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What Does "Beyond A Reasonable Doubt" Mean?

Criminal cases typically require proof beyond a reasonable doubt.
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  • Written By: Mary McMahon
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  • Last Modified Date: 28 July 2014
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The phrase “beyond a reasonable doubt” reflects the highest standard when it comes to burden of proof in a legal trial. When a case must be proved to this standard, it means that if a reasonable person were presented with the evidence, he or she would draw the inescapable conclusion, without any doubt, that the accused was guilty of the crime. If there are doubts or alternative explanations for the evidence, this standard of proof is not met, and a conviction could not be returned.

Many nations require that cases be proved beyond a reasonable doubt when they are criminal in nature, due to the severity of the crime someone stands accused of. For civil cases, there are usually different standards of proof that are less demanding. This legal term relies on a fictional “reasonable person” who is considered to be of sound judgment. In cases where this standard is to be applied, the judge will include a definition of the term in the instructions to the jury to make absolutely sure that everyone understands the standard that they must apply when weighing the facts.

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In a system where jurisprudence relies on the idea that people are innocent until proved guilty, when a case is proved beyond a reasonable doubt, it means that the presumed innocence of the accused has been disproved. This does not necessarily mean that the accused is guilty, but it does mean that, given the evidence presented, it certainly appears that way. A case can be proved in court, but evidence may surface later that indicates that the facts of the case as presented in court were not the whole story.

This standard is one reason why jury deliberations can take a long time in some cases. If a member or several members of a jury have doubts about a case, they cannot in good conscience cast guilty ballots in the votes carried out to see whether or not the jury has come to a verdict. The jurors can discuss the facts of the case together and still come up with different interpretations, and if they cannot agree on the facts of the case, they may return a “hung” verdict, meaning that some jurors vote innocent and others vote guilty.

People who are called to serve on juries should keep this standard in mind when they are preparing to vote with the rest of the jury. If a juror feels that a case has not been proved beyond a reasonable doubt, the matter should be brought up with the rest of the jury, with supporting evidence. Jurors should never feel pressured into voting one way or the other, not least because if jurors are coerced, a mistrial can be declared and the case will need to be tried again.

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anon950381
Post 7

@Kristee: You served on a jury tasked with deciding the guilt or innocence of a serial killer who murdered people in your own neighborhood? Wow.

anon330153
Post 6

I find it ironic that lawyers cannot bring themselves to name a numerical probability. The problem is, to say that x% probability is enough is equivalent to saying it is acceptable if (100-x) percent of people are convicted wrongly. And of course, nobody wants to say that. But pussyfooting around this with weasel words doesn't make it go away. In criminal law, this is the Voldemort of questions - it cannot be named, cannot be discussed. It is too uncomfortable.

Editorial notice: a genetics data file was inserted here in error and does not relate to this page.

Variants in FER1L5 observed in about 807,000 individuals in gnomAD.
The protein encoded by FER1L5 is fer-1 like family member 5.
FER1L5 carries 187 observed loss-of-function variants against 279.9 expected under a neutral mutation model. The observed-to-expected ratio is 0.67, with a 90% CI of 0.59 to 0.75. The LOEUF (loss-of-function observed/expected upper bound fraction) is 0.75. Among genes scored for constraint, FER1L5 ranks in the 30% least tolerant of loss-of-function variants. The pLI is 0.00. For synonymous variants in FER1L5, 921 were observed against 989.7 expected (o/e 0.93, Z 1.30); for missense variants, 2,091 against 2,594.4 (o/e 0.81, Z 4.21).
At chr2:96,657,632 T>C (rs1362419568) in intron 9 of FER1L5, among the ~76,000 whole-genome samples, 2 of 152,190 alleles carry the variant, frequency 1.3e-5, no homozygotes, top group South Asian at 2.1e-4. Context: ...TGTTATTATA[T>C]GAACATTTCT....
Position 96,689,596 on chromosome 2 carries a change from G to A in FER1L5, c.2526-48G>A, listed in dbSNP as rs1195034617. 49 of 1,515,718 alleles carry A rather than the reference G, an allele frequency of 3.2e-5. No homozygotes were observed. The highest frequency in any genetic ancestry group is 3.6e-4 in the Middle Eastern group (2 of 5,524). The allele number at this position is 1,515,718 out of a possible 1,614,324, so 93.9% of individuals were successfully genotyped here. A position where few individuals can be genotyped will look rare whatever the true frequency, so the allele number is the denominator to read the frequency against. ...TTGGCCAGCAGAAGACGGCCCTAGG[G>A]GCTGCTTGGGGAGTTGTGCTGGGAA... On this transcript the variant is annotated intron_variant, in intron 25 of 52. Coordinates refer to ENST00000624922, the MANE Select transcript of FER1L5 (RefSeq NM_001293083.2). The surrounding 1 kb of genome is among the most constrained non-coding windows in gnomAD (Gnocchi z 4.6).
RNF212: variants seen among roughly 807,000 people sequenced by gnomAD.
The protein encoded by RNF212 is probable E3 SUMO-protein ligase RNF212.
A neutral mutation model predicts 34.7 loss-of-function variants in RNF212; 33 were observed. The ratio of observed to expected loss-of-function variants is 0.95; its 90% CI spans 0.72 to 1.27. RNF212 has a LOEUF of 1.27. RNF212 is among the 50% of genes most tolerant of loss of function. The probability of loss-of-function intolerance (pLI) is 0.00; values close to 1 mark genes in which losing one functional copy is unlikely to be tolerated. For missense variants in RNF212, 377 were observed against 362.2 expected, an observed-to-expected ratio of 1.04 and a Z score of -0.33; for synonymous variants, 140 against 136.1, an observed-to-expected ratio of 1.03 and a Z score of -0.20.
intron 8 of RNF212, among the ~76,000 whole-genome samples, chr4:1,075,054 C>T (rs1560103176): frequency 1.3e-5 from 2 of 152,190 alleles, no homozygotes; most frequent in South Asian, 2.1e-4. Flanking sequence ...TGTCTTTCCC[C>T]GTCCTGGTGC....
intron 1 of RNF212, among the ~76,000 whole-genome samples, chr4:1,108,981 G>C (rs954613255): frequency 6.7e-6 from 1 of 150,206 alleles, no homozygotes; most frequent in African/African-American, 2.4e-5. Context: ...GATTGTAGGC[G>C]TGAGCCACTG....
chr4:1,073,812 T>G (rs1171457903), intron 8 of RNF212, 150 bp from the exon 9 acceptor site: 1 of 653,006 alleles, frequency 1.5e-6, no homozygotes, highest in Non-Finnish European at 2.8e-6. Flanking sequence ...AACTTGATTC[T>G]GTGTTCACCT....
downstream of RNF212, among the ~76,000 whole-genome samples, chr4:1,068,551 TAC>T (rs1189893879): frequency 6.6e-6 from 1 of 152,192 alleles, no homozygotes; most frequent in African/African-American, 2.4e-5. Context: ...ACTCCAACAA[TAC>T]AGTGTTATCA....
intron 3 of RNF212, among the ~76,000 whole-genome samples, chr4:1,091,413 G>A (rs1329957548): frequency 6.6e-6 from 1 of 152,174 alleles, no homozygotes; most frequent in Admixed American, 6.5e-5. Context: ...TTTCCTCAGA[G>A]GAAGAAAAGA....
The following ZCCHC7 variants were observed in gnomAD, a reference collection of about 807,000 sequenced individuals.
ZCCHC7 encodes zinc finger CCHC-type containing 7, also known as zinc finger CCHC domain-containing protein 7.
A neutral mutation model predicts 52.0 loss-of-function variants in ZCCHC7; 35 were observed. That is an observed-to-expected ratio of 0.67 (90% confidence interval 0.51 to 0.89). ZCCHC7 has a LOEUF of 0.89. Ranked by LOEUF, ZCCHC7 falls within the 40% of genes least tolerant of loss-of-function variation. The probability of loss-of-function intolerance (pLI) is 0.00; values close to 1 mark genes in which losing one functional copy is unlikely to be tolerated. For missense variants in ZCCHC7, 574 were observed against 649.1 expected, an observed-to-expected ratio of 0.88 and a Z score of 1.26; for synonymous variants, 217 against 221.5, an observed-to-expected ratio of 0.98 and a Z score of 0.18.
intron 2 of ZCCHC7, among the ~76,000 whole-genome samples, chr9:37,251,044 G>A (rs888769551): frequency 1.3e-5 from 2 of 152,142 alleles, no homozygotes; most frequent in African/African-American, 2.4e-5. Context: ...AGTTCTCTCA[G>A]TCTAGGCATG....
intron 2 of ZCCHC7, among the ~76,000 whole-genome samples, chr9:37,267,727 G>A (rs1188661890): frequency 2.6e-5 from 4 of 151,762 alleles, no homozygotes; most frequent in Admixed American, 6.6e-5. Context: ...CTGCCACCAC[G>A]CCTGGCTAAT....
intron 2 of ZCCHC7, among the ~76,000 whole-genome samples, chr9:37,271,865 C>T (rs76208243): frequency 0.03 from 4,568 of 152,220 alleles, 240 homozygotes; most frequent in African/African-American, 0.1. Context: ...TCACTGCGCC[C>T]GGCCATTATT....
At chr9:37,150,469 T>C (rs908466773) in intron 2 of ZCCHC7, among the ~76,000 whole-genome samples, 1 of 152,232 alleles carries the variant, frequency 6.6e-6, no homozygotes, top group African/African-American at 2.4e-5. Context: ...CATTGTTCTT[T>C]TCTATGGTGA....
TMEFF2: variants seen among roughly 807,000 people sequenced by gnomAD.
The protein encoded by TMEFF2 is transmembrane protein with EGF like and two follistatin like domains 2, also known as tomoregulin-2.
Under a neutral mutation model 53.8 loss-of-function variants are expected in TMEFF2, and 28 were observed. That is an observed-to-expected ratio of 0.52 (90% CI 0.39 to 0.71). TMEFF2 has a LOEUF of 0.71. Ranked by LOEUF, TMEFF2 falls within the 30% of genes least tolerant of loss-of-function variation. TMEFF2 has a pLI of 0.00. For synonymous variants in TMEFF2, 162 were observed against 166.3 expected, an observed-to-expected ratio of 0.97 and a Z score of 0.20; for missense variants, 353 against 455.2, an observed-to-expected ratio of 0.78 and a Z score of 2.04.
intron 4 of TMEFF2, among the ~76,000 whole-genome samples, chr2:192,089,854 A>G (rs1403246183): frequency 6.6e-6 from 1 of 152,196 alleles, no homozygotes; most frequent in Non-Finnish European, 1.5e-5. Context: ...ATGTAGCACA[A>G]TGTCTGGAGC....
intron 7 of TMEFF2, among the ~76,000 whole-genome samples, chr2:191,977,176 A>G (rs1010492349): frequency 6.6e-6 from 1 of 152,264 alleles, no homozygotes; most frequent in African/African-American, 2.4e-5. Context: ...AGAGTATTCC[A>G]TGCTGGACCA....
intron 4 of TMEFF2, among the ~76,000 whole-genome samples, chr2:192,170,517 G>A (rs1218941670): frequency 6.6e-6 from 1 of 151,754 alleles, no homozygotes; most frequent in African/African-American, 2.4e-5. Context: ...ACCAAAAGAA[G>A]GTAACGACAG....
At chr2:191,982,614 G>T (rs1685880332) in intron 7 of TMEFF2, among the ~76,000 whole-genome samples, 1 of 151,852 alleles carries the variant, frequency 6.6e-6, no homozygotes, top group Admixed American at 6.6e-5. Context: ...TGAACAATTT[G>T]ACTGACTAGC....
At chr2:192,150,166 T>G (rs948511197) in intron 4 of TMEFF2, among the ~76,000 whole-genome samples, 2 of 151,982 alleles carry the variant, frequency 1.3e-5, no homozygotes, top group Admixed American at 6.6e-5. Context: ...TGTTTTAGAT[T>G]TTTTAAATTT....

But in fact, in an increasingly technical world, probabilities can actually be calculated (when evidence is based on any kind of numerical data). Then it becomes harder to hide behind subjective words and pretend there is no numerical standard.

anon291733
Post 5

My concern is that the older I get, the less "reasonable" people seem to be, and the more information and faster paced the world is the less likely people are to actually listen. That is just my experience in business. I feel a lot of empathy for those in court rooms.

shell4life
Post 4

If only every case that came to trial showed no reasonable doubt that the accused were guilty, we in the legal system could sleep more soundly at night. I've had several cases where I just wasn't sure, and living with that doubt isn't easy, by any means.

Kristee
Post 3

@giddion – You have to look at it from a different angle, though. What if you had the opportunity to put a mass murderer away so that he couldn't kill anyone else?

What if the evidence screamed “guilty” beyond a reasonable doubt? You might be able to prevent your neighbor, your sister, or your daughter from being murdered by this man.

I was on a jury that did find a man guilty of multiple murders, and some of his victims had been right in my neighborhood. I was really glad to have a part in sentencing him.

giddion
Post 2

I have never had jury duty before, and I know that I would be extremely troubled if I did. I hate to think of someone else's punishment being in my hands.

If I had even the slightest hint of doubt, I couldn't vote guilty. Even if everyone else in the room were pressuring me because they were ready to go, I just could not do it.

I think I would make a terrible juror. I'm always giving people the benefit of the doubt, even when they don't deserve it.

lighth0se33
Post 1

My cousin is an expert in DUI law, and he says that these cases are often so easy to prove beyond reasonable doubt. You have concrete evidence in the form of a breathalyzer test and several police witnesses that the accused is guilty, so it's pretty hard to refute that.

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